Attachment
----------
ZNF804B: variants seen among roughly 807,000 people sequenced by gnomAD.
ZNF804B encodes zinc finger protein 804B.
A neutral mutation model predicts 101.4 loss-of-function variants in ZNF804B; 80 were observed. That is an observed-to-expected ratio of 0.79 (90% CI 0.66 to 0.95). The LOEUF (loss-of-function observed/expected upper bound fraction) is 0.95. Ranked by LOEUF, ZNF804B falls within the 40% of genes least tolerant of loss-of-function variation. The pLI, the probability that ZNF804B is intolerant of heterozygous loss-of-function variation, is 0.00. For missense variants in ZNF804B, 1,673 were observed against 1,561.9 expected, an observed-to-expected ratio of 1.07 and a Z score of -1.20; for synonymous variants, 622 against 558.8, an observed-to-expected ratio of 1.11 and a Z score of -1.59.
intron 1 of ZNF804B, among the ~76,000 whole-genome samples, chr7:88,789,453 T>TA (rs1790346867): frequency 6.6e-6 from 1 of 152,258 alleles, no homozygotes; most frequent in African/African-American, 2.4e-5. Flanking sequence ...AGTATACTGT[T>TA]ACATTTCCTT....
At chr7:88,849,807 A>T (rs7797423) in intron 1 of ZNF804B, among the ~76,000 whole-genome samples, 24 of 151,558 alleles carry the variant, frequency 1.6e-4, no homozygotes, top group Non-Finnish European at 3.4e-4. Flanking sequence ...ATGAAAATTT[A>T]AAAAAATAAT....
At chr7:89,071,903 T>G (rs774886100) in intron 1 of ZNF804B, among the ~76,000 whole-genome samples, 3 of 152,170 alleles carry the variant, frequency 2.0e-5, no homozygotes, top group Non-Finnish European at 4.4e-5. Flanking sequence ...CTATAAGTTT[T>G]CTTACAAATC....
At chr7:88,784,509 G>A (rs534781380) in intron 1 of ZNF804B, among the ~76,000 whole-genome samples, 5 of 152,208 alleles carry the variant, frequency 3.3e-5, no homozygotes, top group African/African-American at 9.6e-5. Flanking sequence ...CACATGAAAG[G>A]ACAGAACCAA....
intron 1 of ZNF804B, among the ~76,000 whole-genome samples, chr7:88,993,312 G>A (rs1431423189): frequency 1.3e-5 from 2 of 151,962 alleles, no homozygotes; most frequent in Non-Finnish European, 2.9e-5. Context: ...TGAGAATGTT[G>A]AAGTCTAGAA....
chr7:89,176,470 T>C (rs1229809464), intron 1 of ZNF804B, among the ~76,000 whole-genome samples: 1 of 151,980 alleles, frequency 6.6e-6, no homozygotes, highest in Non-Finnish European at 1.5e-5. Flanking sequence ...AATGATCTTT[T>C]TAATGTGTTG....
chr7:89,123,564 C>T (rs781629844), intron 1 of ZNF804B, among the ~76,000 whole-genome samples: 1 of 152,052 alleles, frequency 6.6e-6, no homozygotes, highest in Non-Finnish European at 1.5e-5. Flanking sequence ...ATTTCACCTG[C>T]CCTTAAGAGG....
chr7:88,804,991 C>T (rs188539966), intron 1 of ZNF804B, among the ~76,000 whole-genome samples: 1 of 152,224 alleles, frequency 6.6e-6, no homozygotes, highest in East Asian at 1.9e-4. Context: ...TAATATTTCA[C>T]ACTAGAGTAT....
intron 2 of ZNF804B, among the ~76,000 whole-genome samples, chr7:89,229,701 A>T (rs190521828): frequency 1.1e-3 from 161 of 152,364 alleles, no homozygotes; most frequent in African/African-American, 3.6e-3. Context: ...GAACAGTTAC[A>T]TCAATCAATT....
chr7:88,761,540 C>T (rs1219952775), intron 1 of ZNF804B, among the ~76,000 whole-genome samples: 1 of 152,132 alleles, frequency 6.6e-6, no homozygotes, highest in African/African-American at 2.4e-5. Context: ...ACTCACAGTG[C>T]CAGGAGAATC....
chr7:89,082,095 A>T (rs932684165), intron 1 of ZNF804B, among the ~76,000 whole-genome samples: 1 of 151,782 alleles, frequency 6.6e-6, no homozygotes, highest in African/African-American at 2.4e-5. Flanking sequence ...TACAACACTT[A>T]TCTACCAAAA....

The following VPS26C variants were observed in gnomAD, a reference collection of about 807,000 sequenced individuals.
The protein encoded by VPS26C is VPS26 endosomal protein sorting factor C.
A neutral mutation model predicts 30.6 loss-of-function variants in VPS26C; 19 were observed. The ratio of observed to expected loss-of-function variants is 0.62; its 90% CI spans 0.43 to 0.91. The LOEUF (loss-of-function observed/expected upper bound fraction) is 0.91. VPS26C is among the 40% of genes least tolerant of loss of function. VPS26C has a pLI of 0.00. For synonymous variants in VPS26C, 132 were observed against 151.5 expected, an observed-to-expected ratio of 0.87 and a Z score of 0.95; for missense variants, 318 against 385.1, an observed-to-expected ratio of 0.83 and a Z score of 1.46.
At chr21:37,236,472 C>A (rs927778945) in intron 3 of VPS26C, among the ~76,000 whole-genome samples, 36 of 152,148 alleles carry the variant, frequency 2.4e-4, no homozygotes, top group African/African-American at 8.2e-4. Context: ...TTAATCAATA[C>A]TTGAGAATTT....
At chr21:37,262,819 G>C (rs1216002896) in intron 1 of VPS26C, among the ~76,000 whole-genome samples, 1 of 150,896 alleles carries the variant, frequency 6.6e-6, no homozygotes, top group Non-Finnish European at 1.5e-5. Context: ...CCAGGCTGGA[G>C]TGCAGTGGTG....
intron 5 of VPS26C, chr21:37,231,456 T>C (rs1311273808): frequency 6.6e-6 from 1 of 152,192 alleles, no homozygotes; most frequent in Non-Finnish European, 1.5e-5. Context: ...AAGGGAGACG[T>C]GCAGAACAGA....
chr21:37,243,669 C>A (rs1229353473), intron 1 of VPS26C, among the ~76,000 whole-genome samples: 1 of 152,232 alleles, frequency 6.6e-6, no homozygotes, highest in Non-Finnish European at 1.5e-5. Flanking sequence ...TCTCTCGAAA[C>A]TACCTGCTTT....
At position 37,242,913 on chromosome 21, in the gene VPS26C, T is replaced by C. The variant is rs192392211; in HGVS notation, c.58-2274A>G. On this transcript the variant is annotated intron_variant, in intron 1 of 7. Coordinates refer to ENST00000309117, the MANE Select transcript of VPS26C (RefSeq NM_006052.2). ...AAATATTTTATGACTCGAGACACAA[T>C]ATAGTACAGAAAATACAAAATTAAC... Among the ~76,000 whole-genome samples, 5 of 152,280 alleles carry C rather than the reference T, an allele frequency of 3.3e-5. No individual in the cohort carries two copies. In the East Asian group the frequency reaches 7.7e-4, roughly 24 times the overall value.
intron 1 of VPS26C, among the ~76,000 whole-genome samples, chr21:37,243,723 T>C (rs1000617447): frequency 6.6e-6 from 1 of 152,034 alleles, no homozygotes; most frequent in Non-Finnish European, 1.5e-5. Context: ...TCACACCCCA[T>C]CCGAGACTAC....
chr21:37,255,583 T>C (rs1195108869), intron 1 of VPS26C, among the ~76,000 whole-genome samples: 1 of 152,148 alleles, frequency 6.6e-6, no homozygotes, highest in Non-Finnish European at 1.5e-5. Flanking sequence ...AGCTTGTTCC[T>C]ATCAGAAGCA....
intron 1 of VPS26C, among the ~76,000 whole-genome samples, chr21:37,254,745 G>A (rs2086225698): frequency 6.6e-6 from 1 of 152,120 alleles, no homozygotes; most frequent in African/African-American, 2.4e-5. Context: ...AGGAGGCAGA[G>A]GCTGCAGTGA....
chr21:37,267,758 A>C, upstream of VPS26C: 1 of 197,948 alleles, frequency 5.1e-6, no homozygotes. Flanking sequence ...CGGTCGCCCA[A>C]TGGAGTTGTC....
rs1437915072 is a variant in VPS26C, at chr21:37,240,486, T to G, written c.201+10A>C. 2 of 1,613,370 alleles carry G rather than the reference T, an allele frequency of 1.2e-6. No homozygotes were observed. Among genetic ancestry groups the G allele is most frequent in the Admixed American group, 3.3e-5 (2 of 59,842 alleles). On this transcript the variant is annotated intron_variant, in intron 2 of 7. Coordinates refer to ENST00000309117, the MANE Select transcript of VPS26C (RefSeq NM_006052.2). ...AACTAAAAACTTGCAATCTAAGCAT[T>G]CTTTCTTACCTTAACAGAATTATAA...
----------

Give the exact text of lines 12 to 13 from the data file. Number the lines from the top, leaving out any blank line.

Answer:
intron 2 of ZNF804B, among the ~76,000 whole-genome samples, chr7:89,229,701 A>T (rs190521828): frequency 1.1e-3 from 161 of 152,364 alleles, no homozygotes; most frequent in African/African-American, 3.6e-3. Context: ...GAACAGTTAC[A>T]TCAATCAATT....
chr7:88,761,540 C>T (rs1219952775), intron 1 of ZNF804B, among the ~76,000 whole-genome samples: 1 of 152,132 alleles, frequency 6.6e-6, no homozygotes, highest in African/African-American at 2.4e-5. Context: ...ACTCACAGTG[C>T]CAGGAGAATC....